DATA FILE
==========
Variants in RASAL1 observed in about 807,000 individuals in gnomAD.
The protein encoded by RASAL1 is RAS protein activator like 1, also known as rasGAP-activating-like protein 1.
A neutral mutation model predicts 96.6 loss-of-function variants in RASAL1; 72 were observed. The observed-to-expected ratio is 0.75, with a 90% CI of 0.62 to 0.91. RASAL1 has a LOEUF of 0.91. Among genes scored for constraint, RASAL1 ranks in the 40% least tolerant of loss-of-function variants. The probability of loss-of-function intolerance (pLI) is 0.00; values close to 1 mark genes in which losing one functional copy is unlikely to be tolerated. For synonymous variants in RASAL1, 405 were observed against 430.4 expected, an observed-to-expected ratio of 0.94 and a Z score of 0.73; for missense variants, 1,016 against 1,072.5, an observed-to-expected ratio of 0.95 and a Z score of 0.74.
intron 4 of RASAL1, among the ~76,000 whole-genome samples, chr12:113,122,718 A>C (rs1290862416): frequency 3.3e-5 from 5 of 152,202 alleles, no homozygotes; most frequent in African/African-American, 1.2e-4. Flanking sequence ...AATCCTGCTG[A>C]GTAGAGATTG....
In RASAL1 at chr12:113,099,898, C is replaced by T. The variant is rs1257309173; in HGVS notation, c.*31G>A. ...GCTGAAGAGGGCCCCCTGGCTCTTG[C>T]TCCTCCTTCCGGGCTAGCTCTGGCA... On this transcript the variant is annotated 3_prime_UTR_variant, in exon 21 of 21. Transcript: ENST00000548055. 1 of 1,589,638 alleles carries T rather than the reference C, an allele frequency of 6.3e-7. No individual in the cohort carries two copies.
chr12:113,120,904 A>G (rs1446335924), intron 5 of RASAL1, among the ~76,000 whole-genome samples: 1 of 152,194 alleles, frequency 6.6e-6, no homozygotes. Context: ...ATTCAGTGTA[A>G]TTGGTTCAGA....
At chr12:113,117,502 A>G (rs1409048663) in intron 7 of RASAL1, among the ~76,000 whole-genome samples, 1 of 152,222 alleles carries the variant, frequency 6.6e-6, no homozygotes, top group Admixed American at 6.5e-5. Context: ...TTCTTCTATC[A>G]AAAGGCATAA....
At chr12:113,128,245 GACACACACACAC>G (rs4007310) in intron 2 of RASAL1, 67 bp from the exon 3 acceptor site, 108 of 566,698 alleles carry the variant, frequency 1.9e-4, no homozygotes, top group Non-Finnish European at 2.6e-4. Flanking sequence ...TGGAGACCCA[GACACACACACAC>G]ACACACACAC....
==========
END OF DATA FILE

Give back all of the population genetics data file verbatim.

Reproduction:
Variants in RASAL1 observed in about 807,000 individuals in gnomAD.
The protein encoded by RASAL1 is RAS protein activator like 1, also known as rasGAP-activating-like protein 1.
A neutral mutation model predicts 96.6 loss-of-function variants in RASAL1; 72 were observed. The observed-to-expected ratio is 0.75, with a 90% CI of 0.62 to 0.91. RASAL1 has a LOEUF of 0.91. Among genes scored for constraint, RASAL1 ranks in the 40% least tolerant of loss-of-function variants. The probability of loss-of-function intolerance (pLI) is 0.00; values close to 1 mark genes in which losing one functional copy is unlikely to be tolerated. For synonymous variants in RASAL1, 405 were observed against 430.4 expected, an observed-to-expected ratio of 0.94 and a Z score of 0.73; for missense variants, 1,016 against 1,072.5, an observed-to-expected ratio of 0.95 and a Z score of 0.74.
intron 4 of RASAL1, among the ~76,000 whole-genome samples, chr12:113,122,718 A>C (rs1290862416): frequency 3.3e-5 from 5 of 152,202 alleles, no homozygotes; most frequent in African/African-American, 1.2e-4. Flanking sequence ...AATCCTGCTG[A>C]GTAGAGATTG....
In RASAL1 at chr12:113,099,898, C is replaced by T. The variant is rs1257309173; in HGVS notation, c.*31G>A. ...GCTGAAGAGGGCCCCCTGGCTCTTG[C>T]TCCTCCTTCCGGGCTAGCTCTGGCA... On this transcript the variant is annotated 3_prime_UTR_variant, in exon 21 of 21. Transcript: ENST00000548055. 1 of 1,589,638 alleles carries T rather than the reference C, an allele frequency of 6.3e-7. No individual in the cohort carries two copies.
chr12:113,120,904 A>G (rs1446335924), intron 5 of RASAL1, among the ~76,000 whole-genome samples: 1 of 152,194 alleles, frequency 6.6e-6, no homozygotes. Context: ...ATTCAGTGTA[A>G]TTGGTTCAGA....
At chr12:113,117,502 A>G (rs1409048663) in intron 7 of RASAL1, among the ~76,000 whole-genome samples, 1 of 152,222 alleles carries the variant, frequency 6.6e-6, no homozygotes, top group Admixed American at 6.5e-5. Context: ...TTCTTCTATC[A>G]AAAGGCATAA....
At chr12:113,128,245 GACACACACACAC>G (rs4007310) in intron 2 of RASAL1, 67 bp from the exon 3 acceptor site, 108 of 566,698 alleles carry the variant, frequency 1.9e-4, no homozygotes, top group Non-Finnish European at 2.6e-4. Flanking sequence ...TGGAGACCCA[GACACACACACAC>G]ACACACACAC....